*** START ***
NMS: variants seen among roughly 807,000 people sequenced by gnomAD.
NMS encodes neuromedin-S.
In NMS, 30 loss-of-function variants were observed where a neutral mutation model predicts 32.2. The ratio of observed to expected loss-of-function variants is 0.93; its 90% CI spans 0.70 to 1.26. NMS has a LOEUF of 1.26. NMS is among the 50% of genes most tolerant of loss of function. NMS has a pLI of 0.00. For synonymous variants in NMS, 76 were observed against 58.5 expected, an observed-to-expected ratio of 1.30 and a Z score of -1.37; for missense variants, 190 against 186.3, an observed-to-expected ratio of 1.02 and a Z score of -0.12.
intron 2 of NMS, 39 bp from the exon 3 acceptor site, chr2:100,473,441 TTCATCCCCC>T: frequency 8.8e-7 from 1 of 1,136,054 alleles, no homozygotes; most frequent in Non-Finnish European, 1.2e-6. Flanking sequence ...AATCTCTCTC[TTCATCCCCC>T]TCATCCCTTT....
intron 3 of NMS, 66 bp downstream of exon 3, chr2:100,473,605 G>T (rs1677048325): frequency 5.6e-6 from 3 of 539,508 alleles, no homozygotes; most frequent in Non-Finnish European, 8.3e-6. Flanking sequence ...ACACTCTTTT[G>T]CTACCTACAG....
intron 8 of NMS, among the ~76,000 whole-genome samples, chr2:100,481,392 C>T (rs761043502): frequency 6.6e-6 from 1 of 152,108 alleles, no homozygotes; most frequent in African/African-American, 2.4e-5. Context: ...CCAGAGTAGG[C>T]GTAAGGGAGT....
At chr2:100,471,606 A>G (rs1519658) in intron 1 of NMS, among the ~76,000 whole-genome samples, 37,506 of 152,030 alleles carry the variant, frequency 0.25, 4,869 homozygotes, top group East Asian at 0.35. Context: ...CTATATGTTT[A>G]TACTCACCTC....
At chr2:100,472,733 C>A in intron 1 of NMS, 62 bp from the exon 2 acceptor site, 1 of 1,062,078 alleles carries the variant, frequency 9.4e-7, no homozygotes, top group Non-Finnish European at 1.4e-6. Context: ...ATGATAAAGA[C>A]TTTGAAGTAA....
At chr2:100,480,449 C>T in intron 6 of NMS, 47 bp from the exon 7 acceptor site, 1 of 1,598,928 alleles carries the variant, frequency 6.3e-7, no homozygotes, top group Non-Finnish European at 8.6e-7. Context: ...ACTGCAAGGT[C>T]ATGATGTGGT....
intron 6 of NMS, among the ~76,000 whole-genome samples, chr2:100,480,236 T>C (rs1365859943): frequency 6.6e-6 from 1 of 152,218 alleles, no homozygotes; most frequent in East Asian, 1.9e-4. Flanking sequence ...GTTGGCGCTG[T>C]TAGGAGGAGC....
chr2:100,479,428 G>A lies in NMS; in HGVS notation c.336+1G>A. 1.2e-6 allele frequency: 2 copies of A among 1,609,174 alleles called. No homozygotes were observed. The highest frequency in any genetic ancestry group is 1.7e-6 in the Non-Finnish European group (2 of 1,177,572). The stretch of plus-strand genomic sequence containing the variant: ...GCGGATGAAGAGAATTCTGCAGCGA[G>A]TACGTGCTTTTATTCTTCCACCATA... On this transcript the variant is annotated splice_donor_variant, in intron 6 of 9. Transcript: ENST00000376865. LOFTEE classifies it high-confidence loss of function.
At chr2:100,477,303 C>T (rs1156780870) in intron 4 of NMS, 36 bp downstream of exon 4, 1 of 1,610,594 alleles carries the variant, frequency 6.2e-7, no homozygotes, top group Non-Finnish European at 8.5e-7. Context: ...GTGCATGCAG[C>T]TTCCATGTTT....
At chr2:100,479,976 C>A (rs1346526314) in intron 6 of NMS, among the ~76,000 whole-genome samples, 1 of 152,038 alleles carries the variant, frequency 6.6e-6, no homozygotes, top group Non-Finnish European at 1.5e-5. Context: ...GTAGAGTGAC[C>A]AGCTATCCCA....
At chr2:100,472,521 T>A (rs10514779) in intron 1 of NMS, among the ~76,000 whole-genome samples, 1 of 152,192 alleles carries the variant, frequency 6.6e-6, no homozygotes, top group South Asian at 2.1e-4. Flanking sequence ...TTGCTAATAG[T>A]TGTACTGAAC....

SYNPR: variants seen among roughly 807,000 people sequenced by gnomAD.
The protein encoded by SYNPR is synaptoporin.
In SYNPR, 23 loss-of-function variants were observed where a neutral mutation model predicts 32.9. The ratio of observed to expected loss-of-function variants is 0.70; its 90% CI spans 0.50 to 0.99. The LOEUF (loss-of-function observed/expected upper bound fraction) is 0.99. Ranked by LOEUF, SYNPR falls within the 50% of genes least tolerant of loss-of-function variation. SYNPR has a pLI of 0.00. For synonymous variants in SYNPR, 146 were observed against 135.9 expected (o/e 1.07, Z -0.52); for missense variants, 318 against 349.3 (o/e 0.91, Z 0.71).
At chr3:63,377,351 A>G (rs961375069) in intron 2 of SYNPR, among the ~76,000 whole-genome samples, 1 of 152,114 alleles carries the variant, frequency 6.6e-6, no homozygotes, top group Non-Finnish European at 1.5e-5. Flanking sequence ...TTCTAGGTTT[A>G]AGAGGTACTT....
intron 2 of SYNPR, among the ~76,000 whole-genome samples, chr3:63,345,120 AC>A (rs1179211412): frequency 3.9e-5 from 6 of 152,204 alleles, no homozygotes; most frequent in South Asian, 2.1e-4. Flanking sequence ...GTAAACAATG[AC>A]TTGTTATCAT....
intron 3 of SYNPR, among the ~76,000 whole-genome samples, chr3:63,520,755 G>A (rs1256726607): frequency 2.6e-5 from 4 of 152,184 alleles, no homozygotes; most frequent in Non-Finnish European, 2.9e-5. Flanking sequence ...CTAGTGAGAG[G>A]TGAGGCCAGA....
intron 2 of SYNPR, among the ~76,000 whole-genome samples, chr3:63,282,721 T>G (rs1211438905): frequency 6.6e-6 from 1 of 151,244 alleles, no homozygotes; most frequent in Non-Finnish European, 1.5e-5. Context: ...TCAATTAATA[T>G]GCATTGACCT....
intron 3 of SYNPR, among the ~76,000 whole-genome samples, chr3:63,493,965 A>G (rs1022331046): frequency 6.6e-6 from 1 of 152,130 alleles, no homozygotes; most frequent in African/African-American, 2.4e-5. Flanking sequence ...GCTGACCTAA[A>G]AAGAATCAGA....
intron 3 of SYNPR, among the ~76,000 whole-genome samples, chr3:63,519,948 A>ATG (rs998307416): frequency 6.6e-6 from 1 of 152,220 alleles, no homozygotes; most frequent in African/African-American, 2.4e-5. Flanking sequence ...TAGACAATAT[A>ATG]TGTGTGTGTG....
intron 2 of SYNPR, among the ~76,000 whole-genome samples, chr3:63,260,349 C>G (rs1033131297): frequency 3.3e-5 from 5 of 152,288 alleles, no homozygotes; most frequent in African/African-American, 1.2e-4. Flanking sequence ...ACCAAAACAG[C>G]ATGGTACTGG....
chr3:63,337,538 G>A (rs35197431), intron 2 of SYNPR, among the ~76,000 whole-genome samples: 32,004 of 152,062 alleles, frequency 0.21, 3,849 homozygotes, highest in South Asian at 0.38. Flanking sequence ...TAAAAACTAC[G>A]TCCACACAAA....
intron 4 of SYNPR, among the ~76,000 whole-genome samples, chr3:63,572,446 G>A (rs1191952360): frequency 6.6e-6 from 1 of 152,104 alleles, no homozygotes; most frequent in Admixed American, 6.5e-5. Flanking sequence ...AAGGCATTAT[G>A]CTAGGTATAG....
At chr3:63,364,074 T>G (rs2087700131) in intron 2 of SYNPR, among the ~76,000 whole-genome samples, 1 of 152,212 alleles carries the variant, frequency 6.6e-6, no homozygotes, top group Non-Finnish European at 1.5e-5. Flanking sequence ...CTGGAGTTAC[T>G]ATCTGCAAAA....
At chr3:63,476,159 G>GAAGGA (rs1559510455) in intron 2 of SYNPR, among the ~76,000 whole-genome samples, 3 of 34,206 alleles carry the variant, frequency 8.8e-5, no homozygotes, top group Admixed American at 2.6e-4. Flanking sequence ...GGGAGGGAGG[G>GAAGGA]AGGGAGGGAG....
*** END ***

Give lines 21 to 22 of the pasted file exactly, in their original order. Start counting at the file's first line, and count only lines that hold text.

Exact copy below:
intron 2 of SYNPR, among the ~76,000 whole-genome samples, chr3:63,282,721 T>G (rs1211438905): frequency 6.6e-6 from 1 of 151,244 alleles, no homozygotes; most frequent in Non-Finnish European, 1.5e-5. Context: ...TCAATTAATA[T>G]GCATTGACCT....
intron 3 of SYNPR, among the ~76,000 whole-genome samples, chr3:63,493,965 A>G (rs1022331046): frequency 6.6e-6 from 1 of 152,130 alleles, no homozygotes; most frequent in African/African-American, 2.4e-5. Flanking sequence ...GCTGACCTAA[A>G]AAGAATCAGA....